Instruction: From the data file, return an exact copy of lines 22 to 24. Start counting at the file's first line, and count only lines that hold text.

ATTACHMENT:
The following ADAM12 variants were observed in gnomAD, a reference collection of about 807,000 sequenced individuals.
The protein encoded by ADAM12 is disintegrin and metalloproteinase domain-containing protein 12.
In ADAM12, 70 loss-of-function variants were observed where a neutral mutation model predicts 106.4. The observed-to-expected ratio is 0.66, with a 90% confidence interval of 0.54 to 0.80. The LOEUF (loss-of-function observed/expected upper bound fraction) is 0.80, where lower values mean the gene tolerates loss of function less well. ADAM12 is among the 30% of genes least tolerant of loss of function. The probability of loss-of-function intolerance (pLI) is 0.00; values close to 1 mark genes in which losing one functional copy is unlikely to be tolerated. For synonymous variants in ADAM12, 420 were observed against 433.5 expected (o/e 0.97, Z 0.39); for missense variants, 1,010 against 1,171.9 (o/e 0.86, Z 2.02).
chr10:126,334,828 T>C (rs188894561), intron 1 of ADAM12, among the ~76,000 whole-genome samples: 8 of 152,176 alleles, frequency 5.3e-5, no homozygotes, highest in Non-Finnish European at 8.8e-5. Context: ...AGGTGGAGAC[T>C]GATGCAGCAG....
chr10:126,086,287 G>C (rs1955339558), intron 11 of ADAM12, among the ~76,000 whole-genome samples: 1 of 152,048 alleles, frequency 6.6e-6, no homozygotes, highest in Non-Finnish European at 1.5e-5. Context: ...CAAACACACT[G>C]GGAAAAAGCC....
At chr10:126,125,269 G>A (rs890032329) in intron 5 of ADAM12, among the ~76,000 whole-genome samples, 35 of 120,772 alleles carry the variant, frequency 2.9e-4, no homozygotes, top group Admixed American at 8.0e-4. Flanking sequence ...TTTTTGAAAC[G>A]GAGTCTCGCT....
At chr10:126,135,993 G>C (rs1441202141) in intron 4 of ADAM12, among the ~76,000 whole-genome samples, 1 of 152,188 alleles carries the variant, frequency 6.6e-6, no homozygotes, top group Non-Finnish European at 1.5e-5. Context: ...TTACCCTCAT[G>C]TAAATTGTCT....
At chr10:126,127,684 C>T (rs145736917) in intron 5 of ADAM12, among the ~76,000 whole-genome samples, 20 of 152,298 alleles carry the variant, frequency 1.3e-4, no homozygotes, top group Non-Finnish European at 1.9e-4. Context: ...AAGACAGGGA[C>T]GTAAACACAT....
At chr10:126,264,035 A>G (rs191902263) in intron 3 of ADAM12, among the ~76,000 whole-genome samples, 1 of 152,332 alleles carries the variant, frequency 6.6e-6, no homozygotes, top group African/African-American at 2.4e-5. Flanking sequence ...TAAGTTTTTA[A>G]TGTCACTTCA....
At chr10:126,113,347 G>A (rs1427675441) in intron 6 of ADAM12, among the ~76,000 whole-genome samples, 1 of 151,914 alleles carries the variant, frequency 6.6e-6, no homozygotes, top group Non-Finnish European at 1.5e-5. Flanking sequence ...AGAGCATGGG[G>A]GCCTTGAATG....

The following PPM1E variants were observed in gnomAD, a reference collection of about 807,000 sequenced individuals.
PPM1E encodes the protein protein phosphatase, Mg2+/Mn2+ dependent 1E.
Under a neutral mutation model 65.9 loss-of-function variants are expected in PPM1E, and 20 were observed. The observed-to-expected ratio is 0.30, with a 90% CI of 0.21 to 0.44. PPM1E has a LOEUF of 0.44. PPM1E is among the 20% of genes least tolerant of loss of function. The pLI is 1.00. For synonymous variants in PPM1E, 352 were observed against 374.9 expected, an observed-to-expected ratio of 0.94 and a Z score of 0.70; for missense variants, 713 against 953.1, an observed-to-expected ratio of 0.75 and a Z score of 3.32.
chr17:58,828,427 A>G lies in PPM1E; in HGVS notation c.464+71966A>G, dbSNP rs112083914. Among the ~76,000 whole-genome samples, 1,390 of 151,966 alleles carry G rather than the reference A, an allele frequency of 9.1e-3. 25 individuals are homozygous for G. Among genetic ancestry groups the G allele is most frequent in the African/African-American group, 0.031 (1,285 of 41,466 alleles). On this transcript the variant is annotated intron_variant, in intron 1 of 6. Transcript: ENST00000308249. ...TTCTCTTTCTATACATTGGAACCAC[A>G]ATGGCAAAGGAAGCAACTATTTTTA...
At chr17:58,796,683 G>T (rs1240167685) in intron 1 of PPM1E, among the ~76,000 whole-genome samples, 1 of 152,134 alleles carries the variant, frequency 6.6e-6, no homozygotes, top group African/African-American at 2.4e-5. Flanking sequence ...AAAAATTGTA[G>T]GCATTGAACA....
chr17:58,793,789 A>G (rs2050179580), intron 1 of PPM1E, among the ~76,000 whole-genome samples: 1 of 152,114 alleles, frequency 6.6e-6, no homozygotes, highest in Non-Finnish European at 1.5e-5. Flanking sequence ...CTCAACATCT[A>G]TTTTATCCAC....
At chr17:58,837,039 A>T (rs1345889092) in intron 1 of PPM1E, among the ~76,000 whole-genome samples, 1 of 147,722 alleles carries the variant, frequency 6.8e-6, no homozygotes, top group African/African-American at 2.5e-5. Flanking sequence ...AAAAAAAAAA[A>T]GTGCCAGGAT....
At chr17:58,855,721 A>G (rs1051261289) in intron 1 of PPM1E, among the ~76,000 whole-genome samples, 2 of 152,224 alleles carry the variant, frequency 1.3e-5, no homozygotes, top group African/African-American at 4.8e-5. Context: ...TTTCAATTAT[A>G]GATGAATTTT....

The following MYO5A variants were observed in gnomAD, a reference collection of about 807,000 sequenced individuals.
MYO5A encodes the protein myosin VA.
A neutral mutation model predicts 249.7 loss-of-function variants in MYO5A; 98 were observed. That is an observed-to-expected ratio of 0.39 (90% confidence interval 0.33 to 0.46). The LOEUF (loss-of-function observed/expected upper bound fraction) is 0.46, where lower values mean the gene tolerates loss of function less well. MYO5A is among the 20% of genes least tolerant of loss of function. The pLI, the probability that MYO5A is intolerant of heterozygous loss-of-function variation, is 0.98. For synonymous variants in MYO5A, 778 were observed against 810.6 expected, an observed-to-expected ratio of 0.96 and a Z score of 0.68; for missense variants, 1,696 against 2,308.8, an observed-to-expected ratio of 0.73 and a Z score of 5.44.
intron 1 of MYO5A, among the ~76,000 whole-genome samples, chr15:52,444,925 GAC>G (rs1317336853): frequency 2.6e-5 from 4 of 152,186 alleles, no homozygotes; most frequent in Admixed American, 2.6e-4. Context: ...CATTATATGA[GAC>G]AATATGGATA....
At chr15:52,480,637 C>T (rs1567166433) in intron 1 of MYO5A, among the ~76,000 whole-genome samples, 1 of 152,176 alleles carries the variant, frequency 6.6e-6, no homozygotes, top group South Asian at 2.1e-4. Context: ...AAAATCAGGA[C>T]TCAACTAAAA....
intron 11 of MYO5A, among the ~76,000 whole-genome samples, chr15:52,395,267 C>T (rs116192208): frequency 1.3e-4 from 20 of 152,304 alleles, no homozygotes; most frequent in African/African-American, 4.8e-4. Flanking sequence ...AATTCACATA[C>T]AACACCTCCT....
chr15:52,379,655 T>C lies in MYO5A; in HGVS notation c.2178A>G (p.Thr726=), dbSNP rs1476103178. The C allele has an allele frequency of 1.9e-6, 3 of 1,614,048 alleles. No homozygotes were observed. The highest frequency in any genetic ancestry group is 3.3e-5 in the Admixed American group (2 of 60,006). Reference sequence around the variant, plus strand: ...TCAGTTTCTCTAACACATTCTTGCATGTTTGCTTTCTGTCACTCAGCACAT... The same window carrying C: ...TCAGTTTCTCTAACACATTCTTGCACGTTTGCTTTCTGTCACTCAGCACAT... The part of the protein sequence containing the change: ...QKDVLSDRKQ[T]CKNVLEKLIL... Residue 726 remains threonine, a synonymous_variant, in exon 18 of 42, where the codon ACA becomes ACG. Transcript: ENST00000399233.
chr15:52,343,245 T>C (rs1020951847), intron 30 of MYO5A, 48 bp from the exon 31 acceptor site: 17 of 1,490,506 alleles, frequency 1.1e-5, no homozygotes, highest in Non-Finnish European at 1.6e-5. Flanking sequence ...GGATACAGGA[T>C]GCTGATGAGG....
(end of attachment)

intron 1 of MYO5A, among the ~76,000 whole-genome samples, chr15:52,444,925 GAC>G (rs1317336853): frequency 2.6e-5 from 4 of 152,186 alleles, no homozygotes; most frequent in Admixed American, 2.6e-4. Context: ...CATTATATGA[GAC>G]AATATGGATA....
At chr15:52,480,637 C>T (rs1567166433) in intron 1 of MYO5A, among the ~76,000 whole-genome samples, 1 of 152,176 alleles carries the variant, frequency 6.6e-6, no homozygotes, top group South Asian at 2.1e-4. Context: ...AAAATCAGGA[C>T]TCAACTAAAA....
intron 11 of MYO5A, among the ~76,000 whole-genome samples, chr15:52,395,267 C>T (rs116192208): frequency 1.3e-4 from 20 of 152,304 alleles, no homozygotes; most frequent in African/African-American, 4.8e-4. Flanking sequence ...AATTCACATA[C>T]AACACCTCCT....